Hot Shadow would be the word for word translation of this movie but it played elsewhere as Shadow of Illusion and it presents to us a world where hippies are murderous maniacs, as the post-Manson world would give license to giallo creators to posit the love generation as those who come at you with knives.
Director Mario Caiano hit nearly every genre of the Italian industry, from peplum (Ulysses Against the Son of Hercules, Medusa Against the Son of Hercules) and horror (Nightmare Castle) to westerns (A Coffin for the Sheriff, Ringo the Lone Rider), poliziottesco (The Criminals Attack…The Police Respond!, Weapons of Death), Naziploitation (Nazi Love Camp 27 AKA Swastika on the Belly) and even the incredible western/eastern mashup that is The Fighting Fists of Shanghai Joe.
So of course, he made a giallo. Actually, he made two, as in 1972 he made Eye in the Labyrinth.
Years later, Caiano would share that this was a strange production as he never saw the money people before or since. He also never saw the movie after the rough cut. He was promised a name actor who never showed up, but when they got to Egypt, William Berger was already there making another movie and agreed to be in this. Because the movie needed actors, Berger’s daughter and his wife Carol Lobravico also joined up.
Whomever the original lead actress was*, she quit on the first day of shooting, so Daniela Giordano (Your Vice Is a Locked Room and Only I Have the Key, Four Times That Night, Reflections In Black, Paul Naschy’s Inquisition) stepped in.
To make things even wilder, this was shot in Egypt during the War of Attrition, so the cast and crew had to be surrounded by soldiers who would turn of the lights in case of air raids.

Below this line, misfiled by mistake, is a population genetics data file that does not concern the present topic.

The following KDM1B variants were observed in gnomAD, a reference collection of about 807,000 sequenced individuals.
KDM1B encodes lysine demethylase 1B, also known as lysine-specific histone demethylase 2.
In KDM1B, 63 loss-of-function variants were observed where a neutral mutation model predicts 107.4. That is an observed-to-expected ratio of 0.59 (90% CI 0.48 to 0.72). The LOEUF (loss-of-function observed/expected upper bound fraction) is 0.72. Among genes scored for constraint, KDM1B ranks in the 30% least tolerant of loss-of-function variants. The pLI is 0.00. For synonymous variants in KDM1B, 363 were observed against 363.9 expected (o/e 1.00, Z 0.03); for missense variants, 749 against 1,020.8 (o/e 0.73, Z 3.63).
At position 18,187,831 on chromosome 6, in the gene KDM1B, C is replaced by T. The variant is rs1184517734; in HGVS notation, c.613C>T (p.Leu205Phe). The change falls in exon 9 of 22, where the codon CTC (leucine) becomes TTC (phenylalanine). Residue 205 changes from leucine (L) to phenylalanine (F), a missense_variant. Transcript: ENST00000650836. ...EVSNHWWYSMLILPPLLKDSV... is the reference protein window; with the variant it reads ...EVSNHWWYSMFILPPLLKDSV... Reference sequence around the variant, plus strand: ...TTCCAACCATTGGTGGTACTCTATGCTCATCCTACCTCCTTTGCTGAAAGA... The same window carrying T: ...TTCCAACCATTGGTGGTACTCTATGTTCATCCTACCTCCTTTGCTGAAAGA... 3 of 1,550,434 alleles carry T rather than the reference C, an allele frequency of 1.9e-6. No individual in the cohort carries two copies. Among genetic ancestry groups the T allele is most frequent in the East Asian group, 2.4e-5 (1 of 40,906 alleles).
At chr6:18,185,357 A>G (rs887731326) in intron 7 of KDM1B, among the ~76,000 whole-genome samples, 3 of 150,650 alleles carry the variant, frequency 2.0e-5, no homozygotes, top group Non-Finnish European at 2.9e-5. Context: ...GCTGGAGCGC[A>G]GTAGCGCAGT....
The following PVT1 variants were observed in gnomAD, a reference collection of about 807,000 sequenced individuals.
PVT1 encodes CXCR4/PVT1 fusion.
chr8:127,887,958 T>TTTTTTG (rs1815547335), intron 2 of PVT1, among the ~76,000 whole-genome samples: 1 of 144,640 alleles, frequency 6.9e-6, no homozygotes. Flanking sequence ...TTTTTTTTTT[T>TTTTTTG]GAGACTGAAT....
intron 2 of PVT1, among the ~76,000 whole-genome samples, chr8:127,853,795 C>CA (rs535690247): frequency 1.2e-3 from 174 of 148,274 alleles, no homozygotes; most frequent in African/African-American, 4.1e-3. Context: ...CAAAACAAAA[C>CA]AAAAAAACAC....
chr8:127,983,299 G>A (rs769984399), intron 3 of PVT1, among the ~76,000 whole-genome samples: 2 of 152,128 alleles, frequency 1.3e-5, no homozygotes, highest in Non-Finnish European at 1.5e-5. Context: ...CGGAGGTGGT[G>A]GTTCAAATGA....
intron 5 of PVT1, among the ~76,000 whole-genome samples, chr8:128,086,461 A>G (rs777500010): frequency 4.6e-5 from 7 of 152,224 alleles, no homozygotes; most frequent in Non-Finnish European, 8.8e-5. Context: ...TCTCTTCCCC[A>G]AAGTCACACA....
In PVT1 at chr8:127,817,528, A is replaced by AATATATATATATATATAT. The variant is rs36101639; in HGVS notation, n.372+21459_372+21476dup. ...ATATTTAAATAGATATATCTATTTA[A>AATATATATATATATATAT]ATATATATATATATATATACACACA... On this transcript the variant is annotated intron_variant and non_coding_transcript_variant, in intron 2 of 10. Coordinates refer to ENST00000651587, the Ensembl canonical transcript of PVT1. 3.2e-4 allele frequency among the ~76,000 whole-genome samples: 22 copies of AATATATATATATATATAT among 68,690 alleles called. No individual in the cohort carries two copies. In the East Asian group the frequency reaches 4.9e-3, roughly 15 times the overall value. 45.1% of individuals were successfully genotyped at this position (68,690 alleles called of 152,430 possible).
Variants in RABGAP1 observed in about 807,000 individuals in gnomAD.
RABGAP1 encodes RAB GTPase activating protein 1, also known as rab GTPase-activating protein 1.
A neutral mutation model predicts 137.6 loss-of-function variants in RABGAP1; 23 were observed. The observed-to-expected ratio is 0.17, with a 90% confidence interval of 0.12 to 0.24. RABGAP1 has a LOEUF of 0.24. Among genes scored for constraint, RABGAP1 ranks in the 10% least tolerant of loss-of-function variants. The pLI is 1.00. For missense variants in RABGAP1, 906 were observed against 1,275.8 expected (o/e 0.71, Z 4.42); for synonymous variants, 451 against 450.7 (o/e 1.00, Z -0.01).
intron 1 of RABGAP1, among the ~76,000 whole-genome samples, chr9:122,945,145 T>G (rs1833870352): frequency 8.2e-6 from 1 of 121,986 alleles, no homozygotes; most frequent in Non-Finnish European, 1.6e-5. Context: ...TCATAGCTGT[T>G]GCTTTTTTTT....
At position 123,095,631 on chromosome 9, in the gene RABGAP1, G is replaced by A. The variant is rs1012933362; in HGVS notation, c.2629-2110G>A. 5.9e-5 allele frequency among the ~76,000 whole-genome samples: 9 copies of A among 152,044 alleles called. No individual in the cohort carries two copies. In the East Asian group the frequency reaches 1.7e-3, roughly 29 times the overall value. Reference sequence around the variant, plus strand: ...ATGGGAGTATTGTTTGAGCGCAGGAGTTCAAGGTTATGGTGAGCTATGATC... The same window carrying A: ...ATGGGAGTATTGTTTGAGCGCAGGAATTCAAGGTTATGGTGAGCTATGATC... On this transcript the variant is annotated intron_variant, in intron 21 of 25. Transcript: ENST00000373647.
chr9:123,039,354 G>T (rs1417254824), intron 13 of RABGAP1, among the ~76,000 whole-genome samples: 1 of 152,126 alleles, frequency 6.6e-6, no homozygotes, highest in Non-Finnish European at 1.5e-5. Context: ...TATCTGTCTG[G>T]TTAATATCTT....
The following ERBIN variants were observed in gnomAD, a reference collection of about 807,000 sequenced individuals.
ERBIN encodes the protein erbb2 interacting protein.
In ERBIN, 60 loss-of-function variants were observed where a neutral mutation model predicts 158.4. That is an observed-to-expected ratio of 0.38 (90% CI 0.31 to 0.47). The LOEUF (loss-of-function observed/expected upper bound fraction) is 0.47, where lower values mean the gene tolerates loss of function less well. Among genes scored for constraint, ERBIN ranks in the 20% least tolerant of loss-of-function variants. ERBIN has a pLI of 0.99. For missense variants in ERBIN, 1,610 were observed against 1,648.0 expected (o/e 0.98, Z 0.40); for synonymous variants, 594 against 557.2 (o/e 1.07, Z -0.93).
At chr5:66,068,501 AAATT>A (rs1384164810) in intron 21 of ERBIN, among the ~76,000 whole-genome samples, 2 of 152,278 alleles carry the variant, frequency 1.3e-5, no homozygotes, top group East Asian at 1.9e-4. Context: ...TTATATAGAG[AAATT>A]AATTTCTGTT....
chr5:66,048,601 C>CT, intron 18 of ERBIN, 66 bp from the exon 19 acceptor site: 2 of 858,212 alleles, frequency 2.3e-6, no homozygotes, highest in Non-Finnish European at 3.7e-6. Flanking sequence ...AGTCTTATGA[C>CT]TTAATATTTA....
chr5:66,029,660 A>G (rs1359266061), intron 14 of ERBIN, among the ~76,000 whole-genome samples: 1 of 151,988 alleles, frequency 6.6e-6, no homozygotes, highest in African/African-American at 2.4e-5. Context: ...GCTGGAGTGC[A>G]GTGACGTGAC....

Gordiano plays Gail Bland, a fashion model who has been brought to Egypt to appear in a cosmetics ad, but it turns out that she’s the reincarnation of Isis and a hard-partying cult of drug-loving hippies want to sacrifice her. And then she’s romanced by the enigmatic Caleb (Berger).
This has a glacial pace in moments but the ending makes up for it. Actually, this is the kind of giallo I love most, one that places you into a strange world of drugs, mystery, strange gods and sleaze. This really deserves a cleaned-up blu ray release so that more people can recognize it, as it fits in well with giallo like All the Colors of the Dark.
*According to Caiano, it was Luciana Paluzzi (A Black Veil for Lisa, 99 Women, The Green Slime, Thunderball) while Giordano insisted that the actress was Gianna Serra (Our Man Flint).
You can watch this on YouTube.